MADISON — Walter and Betty Thebarge are two of many residents who have received mailings recently from a group opposing the town’s proposal to build a natural gas pipeline in central Maine.

The Thebarges, who support the town’s plan, said the fliers are spreading misinformation and have only one name attached: Madison Taxpayers Against Bad Debt.

The mailings are funded by the town’s competitor to build the line, Kennebec Valley Gas Co., and local residents. They were sent about a week before Tuesday’s election, when residents will vote on whether to approve a $72 million bond to pay for the pipeline, which would run from Richmond to Madison.

The fliers state that a Madison pipeline will raise the town’s taxes, curtail Madison’s ability to borrow for future needs and hold residents responsible for the debt if the project fails. Members of the group say its important to get those facts across to Madison residents.

But town officials say the statements in the fliers are false.

“Madison has been very truthful, and they’ve backed up their facts,” Betty Thebarge said. “Madison is a great town to live in and to do business in, and (the pipeline) would bring in perhaps some new business.”

Walter Thebarge said the fliers may influence people who don’t take the time to educate themselves on the issue.

“My main concern is they’re mailing this out, and there’s not a name on it anywhere,” he said.

Tony Buxton, an investor in competitor Kennebec Valley Gas, said the company is paying for a firm called Strategic Advocacy, based in Augusta, to run the campaign with the political action committee Madison Taxpayers Against Bad Debt.

“We intend to communicate with citizens and tell them what we think are relevant facts,” Buxton said.

Though he didn’t know an exact number, he said he estimated the effort will cost Kennebec Valley Gas between $5,000 and $10,000.

“Obviously we’re not trying to hide anything,” he said, adding that the company plans to send a letter soon to residents. If people have questions, he said, they can call 772-6190.

Buxton said the local political group tried to register with the state but was told it couldn’t. Cindy Sullivan, with the Maine Ethics Commission, said only political organizations in communities with populations greater than 15,000 have to follow campaign finance laws.

“They legally do not have to register or file reports with anybody,” she said.

Though there’s no individual name on the mailings, an address of 103 Russell Road is provided. The property there belongs to Paul Fortin, according to town property records. Efforts to reach Fortin for this story were unsuccessful, but an op-ed column he wrote against the town’s project appears today on page A8 and he lists himself as the group’s founder.

Buxton said the information on the mailings is “absolutely true.”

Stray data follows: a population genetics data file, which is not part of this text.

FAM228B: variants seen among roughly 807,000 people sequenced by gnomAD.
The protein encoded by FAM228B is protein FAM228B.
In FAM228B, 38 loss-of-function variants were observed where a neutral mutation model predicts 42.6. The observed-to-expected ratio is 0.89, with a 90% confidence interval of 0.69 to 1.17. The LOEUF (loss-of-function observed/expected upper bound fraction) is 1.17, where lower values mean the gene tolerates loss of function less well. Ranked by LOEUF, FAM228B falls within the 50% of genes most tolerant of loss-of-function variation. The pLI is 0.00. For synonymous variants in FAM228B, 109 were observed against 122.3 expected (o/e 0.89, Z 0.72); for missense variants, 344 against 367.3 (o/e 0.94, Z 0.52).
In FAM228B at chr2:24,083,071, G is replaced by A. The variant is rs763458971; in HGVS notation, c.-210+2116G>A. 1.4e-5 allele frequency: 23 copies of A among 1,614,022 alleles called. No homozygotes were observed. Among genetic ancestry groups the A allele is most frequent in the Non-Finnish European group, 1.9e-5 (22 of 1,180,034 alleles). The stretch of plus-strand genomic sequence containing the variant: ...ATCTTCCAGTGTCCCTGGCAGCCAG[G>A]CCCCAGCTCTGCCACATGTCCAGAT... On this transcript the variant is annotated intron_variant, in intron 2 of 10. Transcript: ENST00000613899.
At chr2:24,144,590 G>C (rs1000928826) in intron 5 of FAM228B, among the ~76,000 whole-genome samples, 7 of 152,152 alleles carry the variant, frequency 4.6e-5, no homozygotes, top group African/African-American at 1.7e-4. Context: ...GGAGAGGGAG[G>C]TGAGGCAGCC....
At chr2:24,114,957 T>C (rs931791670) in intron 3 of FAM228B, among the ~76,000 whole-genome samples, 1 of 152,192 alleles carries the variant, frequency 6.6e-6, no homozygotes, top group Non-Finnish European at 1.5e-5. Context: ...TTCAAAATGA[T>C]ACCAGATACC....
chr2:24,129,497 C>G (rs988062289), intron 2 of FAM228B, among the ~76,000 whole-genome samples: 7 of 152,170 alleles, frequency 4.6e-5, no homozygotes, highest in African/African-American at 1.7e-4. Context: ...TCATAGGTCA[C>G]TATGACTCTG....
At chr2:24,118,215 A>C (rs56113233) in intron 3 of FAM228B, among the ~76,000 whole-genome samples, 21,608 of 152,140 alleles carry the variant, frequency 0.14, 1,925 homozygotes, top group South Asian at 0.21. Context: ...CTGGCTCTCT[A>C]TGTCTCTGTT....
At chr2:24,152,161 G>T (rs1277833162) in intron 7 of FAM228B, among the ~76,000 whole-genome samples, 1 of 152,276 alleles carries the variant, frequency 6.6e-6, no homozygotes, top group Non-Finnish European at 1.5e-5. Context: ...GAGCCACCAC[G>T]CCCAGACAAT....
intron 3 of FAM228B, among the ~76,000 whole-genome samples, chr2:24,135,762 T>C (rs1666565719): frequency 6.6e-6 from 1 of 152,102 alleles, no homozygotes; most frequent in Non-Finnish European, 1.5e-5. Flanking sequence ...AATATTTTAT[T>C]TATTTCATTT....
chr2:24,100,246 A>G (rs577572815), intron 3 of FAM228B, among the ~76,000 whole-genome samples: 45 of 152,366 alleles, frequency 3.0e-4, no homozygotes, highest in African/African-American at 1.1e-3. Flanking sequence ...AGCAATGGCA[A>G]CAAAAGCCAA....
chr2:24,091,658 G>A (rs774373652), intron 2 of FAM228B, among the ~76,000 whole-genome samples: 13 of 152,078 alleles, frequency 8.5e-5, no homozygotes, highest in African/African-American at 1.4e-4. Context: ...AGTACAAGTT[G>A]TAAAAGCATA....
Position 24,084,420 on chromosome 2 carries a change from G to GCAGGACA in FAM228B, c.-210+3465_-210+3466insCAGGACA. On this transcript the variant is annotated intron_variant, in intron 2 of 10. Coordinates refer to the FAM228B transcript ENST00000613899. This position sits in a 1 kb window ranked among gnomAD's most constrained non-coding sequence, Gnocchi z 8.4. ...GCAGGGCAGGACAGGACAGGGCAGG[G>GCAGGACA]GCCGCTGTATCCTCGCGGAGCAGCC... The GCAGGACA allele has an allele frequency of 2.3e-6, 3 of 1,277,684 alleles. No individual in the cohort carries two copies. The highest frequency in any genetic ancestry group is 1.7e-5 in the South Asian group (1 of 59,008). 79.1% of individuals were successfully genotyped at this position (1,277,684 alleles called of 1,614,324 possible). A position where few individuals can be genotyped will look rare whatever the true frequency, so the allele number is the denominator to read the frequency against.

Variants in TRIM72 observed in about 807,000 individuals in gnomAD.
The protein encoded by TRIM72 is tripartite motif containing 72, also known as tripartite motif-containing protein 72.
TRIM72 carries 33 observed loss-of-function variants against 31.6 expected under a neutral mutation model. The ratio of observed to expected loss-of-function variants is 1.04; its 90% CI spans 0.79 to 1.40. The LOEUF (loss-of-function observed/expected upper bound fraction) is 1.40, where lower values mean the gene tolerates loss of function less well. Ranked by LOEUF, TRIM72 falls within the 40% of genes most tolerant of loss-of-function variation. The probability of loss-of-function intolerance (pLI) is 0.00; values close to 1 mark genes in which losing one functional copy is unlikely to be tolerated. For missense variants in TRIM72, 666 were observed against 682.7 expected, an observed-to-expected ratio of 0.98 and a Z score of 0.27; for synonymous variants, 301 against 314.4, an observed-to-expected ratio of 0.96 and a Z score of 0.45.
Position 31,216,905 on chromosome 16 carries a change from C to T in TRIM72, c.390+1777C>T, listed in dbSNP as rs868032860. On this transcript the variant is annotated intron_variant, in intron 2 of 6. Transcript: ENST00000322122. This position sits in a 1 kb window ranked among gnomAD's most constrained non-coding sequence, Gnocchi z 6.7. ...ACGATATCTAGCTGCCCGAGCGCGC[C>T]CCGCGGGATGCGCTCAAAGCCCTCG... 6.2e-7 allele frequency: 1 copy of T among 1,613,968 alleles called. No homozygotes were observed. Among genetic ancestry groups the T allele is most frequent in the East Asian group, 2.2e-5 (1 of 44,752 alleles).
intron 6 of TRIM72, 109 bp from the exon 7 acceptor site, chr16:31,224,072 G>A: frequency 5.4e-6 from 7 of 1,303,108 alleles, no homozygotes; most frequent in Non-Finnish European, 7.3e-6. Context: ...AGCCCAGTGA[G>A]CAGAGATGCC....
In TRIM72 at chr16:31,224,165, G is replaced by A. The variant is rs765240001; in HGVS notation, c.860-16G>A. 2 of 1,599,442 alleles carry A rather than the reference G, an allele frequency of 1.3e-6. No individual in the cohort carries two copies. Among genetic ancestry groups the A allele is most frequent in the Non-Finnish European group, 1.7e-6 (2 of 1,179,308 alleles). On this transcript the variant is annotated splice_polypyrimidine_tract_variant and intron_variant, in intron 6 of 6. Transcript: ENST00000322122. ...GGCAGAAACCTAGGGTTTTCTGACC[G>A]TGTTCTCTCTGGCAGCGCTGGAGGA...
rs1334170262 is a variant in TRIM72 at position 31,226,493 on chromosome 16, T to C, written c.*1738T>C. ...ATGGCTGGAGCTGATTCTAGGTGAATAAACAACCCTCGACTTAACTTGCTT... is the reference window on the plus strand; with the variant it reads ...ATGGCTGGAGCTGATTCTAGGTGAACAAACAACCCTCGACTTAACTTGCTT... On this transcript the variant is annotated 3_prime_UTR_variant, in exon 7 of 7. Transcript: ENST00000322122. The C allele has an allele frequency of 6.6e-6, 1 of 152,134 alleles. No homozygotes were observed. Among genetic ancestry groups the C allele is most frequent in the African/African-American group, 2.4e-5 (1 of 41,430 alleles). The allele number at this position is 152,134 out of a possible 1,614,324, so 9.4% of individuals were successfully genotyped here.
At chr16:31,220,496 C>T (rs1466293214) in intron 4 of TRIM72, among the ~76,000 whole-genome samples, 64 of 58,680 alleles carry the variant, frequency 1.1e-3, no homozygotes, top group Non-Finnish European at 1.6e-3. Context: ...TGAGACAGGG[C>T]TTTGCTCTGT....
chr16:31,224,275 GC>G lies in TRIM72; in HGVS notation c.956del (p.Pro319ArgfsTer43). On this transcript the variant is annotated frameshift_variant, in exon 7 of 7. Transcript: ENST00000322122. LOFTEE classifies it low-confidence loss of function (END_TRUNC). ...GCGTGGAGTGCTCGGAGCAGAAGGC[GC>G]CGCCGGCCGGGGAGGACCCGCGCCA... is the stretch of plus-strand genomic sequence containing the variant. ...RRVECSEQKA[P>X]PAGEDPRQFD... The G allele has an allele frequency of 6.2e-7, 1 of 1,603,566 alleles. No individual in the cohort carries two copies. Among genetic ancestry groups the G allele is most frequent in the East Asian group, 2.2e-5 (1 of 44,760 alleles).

And resident Doug Denico, who is a member of the political action committee, said, “I think people deserve to have another side of the information given to them.”

Town Manager Dana Berry said, “Certainly people can send out information expressing their opinion, but it should be supported by a proper perspective.

“The vote on Tuesday is just the next step in going forward. There are other gates we’ll have to pass through, being the PUC (Public Utilities Commission) and the bond bank before the selectmen will approve issuing the bond,” he said.

The town will not send out its own fliers, he said, because it would mean spending taxpayer money. But town officials are meeting with Gov. Paul LePage today to discuss the pipeline.

About 200 people have submitted absentee ballots, according to Town Clerk Kathy Estes.

Competitors dispute risksof town-owned pipeline

* The fliers state Madison taxpayers will be on the hook for $102 million if the pipeline fails. That includes the $72 million bond, plus $30 million in interest.

“If for some terrible reason there were a default by the pipeline, the town would have to pay,” Buxton said. “What happens if they fail? That is the point. What happens if they don’t get the revenues they anticipate? It happens all the time in business.”

If an anchor tenant goes out of business, he said, the town won’t be able to increase natural gas rates with long-term customers to make up the difference because they would have already negotiated contracts.

Joy Hikel, Madison’s economic development director, said the pipeline would not fail and that it would earn enough revenue to not only pay back the interest and loan but to offset property taxes. In order to do the project, the town has to get approval from the Maine Public Utilities Commission and bond counsel, which offers a legal opinion on the debt. They won’t support a project that’s not viable, she said.